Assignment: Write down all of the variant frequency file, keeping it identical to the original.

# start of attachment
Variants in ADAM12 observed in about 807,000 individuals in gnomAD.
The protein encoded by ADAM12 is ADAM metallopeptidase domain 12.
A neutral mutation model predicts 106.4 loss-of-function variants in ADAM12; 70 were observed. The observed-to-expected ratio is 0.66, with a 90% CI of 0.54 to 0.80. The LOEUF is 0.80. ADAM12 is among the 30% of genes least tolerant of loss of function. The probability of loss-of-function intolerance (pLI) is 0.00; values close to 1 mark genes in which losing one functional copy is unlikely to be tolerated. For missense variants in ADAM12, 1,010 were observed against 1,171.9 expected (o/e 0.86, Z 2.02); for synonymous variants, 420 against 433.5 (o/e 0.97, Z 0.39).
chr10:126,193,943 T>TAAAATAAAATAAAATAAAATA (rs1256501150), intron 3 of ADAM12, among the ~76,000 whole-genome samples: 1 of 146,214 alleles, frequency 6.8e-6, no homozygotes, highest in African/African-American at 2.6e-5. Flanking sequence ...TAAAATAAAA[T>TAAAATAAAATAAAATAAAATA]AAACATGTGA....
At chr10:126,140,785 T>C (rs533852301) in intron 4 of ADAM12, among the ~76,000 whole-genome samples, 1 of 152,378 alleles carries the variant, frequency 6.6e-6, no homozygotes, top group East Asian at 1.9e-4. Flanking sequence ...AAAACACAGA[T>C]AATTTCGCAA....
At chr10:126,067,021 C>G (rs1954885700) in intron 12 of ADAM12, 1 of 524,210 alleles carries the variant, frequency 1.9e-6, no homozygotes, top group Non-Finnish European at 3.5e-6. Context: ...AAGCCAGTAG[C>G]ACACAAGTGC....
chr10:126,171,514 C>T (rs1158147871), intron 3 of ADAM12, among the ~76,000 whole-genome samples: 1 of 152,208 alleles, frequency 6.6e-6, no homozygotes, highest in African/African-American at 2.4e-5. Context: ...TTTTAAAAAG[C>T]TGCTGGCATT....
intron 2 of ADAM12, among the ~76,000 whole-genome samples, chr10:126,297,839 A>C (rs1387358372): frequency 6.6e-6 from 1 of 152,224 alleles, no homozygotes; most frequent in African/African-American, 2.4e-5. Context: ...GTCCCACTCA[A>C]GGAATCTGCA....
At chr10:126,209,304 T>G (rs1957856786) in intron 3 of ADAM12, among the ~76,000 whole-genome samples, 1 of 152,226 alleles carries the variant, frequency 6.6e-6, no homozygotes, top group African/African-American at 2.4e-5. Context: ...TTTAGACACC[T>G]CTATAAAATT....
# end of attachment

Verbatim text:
Variants in ADAM12 observed in about 807,000 individuals in gnomAD.
The protein encoded by ADAM12 is ADAM metallopeptidase domain 12.
A neutral mutation model predicts 106.4 loss-of-function variants in ADAM12; 70 were observed. The observed-to-expected ratio is 0.66, with a 90% CI of 0.54 to 0.80. The LOEUF is 0.80. ADAM12 is among the 30% of genes least tolerant of loss of function. The probability of loss-of-function intolerance (pLI) is 0.00; values close to 1 mark genes in which losing one functional copy is unlikely to be tolerated. For missense variants in ADAM12, 1,010 were observed against 1,171.9 expected (o/e 0.86, Z 2.02); for synonymous variants, 420 against 433.5 (o/e 0.97, Z 0.39).
chr10:126,193,943 T>TAAAATAAAATAAAATAAAATA (rs1256501150), intron 3 of ADAM12, among the ~76,000 whole-genome samples: 1 of 146,214 alleles, frequency 6.8e-6, no homozygotes, highest in African/African-American at 2.6e-5. Flanking sequence ...TAAAATAAAA[T>TAAAATAAAATAAAATAAAATA]AAACATGTGA....
At chr10:126,140,785 T>C (rs533852301) in intron 4 of ADAM12, among the ~76,000 whole-genome samples, 1 of 152,378 alleles carries the variant, frequency 6.6e-6, no homozygotes, top group East Asian at 1.9e-4. Flanking sequence ...AAAACACAGA[T>C]AATTTCGCAA....
At chr10:126,067,021 C>G (rs1954885700) in intron 12 of ADAM12, 1 of 524,210 alleles carries the variant, frequency 1.9e-6, no homozygotes, top group Non-Finnish European at 3.5e-6. Context: ...AAGCCAGTAG[C>G]ACACAAGTGC....
chr10:126,171,514 C>T (rs1158147871), intron 3 of ADAM12, among the ~76,000 whole-genome samples: 1 of 152,208 alleles, frequency 6.6e-6, no homozygotes, highest in African/African-American at 2.4e-5. Context: ...TTTTAAAAAG[C>T]TGCTGGCATT....
intron 2 of ADAM12, among the ~76,000 whole-genome samples, chr10:126,297,839 A>C (rs1387358372): frequency 6.6e-6 from 1 of 152,224 alleles, no homozygotes; most frequent in African/African-American, 2.4e-5. Context: ...GTCCCACTCA[A>C]GGAATCTGCA....
At chr10:126,209,304 T>G (rs1957856786) in intron 3 of ADAM12, among the ~76,000 whole-genome samples, 1 of 152,226 alleles carries the variant, frequency 6.6e-6, no homozygotes, top group African/African-American at 2.4e-5. Context: ...TTTAGACACC[T>G]CTATAAAATT....